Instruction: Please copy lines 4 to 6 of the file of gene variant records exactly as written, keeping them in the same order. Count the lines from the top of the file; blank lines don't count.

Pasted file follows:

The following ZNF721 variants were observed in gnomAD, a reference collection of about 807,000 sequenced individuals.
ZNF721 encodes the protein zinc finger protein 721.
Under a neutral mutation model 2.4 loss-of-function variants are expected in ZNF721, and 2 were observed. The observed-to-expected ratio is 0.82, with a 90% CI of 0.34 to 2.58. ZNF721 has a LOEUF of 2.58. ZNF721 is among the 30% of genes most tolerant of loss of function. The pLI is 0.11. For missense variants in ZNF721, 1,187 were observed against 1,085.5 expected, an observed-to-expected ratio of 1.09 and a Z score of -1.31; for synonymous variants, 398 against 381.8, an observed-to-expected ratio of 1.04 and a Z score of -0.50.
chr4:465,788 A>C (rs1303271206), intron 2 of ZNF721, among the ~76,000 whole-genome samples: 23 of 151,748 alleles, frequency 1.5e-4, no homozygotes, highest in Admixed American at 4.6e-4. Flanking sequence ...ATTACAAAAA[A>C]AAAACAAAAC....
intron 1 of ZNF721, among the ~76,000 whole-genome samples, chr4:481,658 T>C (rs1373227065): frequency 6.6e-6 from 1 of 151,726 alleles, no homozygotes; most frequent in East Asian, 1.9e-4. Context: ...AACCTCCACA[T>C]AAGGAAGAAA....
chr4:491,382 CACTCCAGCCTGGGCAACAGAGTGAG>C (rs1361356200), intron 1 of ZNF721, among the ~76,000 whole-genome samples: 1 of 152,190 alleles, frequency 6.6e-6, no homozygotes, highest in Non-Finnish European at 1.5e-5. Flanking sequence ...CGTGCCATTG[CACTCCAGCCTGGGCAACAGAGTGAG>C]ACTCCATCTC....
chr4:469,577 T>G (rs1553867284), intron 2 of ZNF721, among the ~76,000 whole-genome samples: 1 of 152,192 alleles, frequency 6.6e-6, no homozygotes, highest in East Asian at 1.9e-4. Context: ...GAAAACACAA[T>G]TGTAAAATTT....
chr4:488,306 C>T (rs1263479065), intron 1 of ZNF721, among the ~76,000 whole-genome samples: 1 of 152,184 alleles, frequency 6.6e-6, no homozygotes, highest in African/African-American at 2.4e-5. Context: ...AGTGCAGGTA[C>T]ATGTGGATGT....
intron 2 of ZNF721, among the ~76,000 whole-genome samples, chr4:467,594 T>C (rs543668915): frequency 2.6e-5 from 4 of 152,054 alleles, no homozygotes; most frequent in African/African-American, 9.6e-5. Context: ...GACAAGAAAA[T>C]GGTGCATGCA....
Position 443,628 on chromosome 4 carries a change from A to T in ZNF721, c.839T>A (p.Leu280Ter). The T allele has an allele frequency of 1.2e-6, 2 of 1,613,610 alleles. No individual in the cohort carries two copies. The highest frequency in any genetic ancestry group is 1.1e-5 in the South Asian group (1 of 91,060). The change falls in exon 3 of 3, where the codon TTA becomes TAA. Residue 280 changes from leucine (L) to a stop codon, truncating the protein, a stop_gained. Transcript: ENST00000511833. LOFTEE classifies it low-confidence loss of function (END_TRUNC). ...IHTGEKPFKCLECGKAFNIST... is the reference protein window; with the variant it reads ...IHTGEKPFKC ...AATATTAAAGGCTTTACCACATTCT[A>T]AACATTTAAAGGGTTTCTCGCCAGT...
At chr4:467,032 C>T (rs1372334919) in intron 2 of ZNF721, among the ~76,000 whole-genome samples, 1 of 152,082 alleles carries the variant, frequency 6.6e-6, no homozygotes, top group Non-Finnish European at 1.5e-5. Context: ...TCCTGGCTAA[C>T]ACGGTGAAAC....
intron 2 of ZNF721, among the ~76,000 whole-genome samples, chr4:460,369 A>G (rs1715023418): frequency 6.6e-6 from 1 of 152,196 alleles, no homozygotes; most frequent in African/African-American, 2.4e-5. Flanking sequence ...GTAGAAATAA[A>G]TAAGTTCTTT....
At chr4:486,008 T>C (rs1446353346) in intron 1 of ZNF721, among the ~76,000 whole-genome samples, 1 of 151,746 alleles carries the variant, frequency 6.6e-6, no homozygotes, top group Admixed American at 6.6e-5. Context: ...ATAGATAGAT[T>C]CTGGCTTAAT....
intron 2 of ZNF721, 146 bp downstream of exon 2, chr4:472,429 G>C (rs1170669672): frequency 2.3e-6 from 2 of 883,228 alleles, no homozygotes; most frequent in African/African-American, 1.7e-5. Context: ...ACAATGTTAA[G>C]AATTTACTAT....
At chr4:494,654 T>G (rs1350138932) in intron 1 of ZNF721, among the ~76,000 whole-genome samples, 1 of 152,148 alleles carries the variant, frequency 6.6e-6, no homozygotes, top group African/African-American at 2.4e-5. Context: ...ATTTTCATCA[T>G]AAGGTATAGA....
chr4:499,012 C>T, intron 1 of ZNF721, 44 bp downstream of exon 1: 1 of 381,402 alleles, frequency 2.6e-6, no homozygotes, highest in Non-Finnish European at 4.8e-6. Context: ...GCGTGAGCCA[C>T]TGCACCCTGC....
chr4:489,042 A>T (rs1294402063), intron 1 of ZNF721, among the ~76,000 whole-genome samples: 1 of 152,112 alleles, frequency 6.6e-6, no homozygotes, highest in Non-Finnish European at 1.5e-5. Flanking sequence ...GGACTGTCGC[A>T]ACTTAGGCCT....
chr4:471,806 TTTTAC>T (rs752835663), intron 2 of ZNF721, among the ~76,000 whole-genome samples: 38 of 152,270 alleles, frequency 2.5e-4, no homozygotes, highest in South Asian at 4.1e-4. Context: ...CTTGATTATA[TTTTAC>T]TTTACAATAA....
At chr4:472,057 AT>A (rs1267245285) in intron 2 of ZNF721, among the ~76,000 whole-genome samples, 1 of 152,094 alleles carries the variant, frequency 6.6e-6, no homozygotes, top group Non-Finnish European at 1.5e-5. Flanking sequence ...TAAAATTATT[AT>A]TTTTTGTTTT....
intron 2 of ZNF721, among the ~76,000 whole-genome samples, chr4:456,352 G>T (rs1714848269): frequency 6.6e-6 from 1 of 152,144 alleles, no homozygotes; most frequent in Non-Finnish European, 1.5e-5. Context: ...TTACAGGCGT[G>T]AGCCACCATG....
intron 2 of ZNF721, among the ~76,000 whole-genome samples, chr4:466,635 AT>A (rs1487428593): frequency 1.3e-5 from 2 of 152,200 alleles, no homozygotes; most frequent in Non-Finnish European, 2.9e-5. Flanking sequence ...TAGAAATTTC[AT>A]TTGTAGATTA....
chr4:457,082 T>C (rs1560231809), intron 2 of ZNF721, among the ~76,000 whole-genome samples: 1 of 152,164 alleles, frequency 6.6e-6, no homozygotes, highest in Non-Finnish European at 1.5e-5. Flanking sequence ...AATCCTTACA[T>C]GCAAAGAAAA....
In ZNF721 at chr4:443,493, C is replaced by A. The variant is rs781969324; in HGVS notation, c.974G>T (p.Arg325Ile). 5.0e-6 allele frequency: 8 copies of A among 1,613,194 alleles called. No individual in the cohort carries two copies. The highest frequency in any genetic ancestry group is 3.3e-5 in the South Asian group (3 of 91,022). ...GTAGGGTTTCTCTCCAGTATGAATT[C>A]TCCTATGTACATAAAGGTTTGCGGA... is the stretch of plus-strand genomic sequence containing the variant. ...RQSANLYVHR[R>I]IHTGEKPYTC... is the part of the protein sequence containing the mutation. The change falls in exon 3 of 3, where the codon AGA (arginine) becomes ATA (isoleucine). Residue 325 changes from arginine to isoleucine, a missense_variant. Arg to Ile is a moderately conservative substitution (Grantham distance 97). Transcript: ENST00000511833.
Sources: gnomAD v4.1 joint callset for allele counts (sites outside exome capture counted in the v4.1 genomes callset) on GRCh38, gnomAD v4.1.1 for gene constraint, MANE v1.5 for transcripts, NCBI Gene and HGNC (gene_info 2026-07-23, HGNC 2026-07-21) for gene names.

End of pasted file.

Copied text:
chr4:465,788 A>C (rs1303271206), intron 2 of ZNF721, among the ~76,000 whole-genome samples: 23 of 151,748 alleles, frequency 1.5e-4, no homozygotes, highest in Admixed American at 4.6e-4. Flanking sequence ...ATTACAAAAA[A>C]AAAACAAAAC....
intron 1 of ZNF721, among the ~76,000 whole-genome samples, chr4:481,658 T>C (rs1373227065): frequency 6.6e-6 from 1 of 151,726 alleles, no homozygotes; most frequent in East Asian, 1.9e-4. Context: ...AACCTCCACA[T>C]AAGGAAGAAA....
chr4:491,382 CACTCCAGCCTGGGCAACAGAGTGAG>C (rs1361356200), intron 1 of ZNF721, among the ~76,000 whole-genome samples: 1 of 152,190 alleles, frequency 6.6e-6, no homozygotes, highest in Non-Finnish European at 1.5e-5. Flanking sequence ...CGTGCCATTG[CACTCCAGCCTGGGCAACAGAGTGAG>C]ACTCCATCTC....